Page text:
If Rupert stayed in Australia his chances of failure at the end of a lifetime of success would be almost nil, and most certainly with less risk.
Hardly anyone had the vision to think that Dow Jones was worth what he borrowed and indebted himself to pay, nor would the Bancroft descendants and others agreed to sell if not a deal they could tolerate to lose. Dow Jones was not for sale when sold which, on the other hand, is a great way to sell anything.
I dunno, a Beatles reunion for $3G — hey, they’d only have to split it two ways.
Wanna bet Murdoch will launch a search engine? I agree with you, though, that he might not know where he’s going with this. Has to be frustrating, watching Google glomm all the revenue. Poor guy.
Larz: Poor Rupert! Let’s have a bake sale.
We can each contribute half.
Twitter chief tells Murdoch: internet paywall will not work
Charging to read news content is like ‘putting genie back in bottle’, says Twitter co-founder Biz Stone
I remember the first few months of the WWW, before truly effective search engines existed. No one wants to go back to that dark age, and certainly not Rupert Murdoch.
If Microsoft is part of Murdoch’s strategy – and it may be – helping Bing to overtake Google would have to be part of the strategy. One current news theme is that Bing is stagnant and Google is gaining. Other recent news bits tell us that Google threatens our privacy, and Microsoft may sign a deal with Yahoo. Is Murdoch indirectly behind these?
But consider Mark Cuban’s assertion that Murdoch may not think he needs a search engine at all, because the future is in pushed delivery by the likes of Twitter and Facebook. I have to admit, I have more news delivered to me than searched for.
Seems like everyone, including Murdoch confidant Pat Purcell, wants to go this way but is unwilling to be the first. Those who wait long enough feel they may see what works and what does not? Or perhaps they will all dive in at once?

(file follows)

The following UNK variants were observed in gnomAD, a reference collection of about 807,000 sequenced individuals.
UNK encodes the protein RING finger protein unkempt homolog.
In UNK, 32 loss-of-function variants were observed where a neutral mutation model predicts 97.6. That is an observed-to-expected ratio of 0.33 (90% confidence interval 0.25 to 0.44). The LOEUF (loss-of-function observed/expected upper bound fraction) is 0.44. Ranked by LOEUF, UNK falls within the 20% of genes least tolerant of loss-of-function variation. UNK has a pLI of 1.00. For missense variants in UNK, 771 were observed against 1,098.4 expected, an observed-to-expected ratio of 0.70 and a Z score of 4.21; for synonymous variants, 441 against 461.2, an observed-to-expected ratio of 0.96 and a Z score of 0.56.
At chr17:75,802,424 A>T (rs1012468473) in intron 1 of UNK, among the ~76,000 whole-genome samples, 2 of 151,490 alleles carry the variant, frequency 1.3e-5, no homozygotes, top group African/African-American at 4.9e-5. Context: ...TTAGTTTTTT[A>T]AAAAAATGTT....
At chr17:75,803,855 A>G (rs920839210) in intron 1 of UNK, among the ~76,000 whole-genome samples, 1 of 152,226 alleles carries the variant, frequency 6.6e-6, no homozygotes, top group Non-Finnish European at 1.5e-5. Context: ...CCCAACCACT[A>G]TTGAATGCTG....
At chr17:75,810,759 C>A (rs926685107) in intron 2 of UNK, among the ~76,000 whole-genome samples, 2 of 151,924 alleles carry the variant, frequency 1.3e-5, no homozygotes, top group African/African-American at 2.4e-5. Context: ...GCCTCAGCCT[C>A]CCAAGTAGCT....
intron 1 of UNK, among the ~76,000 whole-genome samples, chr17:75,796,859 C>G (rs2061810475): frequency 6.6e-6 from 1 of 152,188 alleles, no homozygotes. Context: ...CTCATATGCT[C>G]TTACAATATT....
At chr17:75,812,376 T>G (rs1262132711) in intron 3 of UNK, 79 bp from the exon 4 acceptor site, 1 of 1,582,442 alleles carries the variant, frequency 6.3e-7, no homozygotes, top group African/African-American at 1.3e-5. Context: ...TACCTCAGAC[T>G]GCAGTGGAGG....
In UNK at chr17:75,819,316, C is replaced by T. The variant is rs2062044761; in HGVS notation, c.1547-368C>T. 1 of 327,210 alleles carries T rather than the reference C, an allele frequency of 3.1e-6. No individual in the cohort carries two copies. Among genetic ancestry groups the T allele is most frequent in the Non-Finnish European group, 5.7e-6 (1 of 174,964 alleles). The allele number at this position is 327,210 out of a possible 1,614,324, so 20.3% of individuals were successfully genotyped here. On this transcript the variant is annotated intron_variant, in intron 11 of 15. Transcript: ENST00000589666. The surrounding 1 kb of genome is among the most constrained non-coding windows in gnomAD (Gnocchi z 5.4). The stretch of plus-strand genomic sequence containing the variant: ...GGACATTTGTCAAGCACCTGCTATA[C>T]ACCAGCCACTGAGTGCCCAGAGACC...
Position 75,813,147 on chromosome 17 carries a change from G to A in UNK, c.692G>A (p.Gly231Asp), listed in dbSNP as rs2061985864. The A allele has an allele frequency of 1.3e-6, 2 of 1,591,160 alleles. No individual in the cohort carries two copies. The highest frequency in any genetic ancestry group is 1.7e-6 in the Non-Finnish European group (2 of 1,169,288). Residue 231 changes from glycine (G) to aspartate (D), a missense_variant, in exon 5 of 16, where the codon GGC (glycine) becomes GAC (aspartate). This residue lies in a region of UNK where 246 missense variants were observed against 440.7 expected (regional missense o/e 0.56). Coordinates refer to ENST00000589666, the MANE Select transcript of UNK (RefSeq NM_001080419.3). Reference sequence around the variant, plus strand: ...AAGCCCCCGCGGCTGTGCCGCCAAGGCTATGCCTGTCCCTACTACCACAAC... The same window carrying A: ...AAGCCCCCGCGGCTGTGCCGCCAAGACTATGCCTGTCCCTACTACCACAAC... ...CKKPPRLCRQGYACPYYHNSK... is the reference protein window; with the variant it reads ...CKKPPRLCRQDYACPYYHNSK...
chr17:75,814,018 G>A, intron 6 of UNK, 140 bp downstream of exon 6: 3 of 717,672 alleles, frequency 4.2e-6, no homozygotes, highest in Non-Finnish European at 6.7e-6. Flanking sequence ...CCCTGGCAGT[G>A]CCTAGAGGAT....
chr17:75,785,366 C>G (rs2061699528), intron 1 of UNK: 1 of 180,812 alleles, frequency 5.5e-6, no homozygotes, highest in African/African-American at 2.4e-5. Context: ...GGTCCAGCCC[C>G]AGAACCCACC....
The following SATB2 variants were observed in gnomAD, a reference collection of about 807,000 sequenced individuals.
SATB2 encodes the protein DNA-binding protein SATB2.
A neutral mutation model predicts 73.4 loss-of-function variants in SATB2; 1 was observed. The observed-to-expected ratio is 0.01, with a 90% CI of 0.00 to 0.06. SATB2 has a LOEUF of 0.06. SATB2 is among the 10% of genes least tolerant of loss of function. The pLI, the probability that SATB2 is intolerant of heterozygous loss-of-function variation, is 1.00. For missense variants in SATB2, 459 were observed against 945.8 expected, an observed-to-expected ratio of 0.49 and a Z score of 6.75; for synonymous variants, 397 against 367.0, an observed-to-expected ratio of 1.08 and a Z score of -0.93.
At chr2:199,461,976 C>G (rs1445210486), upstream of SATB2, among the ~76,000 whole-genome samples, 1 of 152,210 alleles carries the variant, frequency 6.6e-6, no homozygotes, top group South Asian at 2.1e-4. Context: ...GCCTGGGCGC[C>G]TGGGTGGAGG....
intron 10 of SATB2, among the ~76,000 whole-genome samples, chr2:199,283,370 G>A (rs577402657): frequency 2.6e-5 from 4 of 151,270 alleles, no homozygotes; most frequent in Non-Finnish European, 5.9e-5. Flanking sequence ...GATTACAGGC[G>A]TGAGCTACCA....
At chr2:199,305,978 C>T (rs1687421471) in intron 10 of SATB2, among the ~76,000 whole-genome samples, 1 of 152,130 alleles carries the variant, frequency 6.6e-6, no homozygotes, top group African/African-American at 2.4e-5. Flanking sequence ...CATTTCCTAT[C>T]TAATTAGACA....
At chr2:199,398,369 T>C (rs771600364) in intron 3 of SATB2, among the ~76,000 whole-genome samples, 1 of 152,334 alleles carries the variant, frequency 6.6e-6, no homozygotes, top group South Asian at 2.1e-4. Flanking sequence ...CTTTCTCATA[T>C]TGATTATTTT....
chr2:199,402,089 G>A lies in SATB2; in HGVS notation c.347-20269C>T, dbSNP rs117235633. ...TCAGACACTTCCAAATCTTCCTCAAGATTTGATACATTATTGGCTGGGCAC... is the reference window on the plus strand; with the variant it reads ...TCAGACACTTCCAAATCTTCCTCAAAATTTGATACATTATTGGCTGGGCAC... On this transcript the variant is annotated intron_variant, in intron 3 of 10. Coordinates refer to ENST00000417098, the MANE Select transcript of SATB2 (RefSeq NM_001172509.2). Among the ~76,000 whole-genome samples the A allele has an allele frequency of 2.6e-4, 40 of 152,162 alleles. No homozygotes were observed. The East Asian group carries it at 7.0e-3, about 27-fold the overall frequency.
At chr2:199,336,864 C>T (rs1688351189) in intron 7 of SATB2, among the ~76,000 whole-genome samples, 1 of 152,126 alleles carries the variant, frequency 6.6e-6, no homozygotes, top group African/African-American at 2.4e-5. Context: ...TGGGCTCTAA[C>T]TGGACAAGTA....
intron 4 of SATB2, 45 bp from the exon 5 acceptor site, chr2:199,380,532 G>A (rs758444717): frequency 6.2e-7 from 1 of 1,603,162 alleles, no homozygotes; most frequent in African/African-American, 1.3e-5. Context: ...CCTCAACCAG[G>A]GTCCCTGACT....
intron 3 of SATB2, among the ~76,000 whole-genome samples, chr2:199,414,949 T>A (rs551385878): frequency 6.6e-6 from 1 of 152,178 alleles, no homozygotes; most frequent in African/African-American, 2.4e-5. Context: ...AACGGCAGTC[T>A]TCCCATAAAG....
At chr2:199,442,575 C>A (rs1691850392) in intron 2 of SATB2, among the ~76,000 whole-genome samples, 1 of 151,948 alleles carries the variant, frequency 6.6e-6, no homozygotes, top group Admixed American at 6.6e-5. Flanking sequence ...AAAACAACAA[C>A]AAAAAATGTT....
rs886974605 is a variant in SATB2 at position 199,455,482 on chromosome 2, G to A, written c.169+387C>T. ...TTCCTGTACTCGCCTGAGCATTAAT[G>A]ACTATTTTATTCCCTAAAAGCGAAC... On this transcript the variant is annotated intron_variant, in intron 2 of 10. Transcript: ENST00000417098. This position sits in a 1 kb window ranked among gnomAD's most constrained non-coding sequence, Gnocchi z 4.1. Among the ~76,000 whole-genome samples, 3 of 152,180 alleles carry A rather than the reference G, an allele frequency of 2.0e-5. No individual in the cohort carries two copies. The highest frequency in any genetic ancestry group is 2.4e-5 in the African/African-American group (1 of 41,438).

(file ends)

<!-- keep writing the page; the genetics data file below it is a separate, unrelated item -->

Dan, very prescient.
Mike: Thanks for sending that along. I hope to write it up for the Guardian tonight, and this gives me a great news hook.
Call me slightly crazy, but I’m thinking Murdoch might be on to something here. Getting readers to pay online may be impossible, but offering “exclusive” rights to link to his Web sites might just be a way to generate some additional revenue.
I wouldn’t be too surprised if Google decides it wants to play too.
Local Editor: I think Murdoch may be on to something, too. Not sure that Google has to play. If Microsoft can establish Bing as a place where you can get high-quality news, then now you’ve got to search Google and Bing, even if Bing captures no more than 10 or 15 percent of the market.
Actually Dan, look around Google Dashboard and you might be appalled as to how much info they are tracking on you. Kind of makes the aluminum foil hats in the crowd wonder if Google’s ultimate strategy is some sort of blackmail invoice as their end game;).
Bing isn’t such a bad search site. If Murdoch does make this move, not too hard to switch over to Bing as the default search engine on your browser.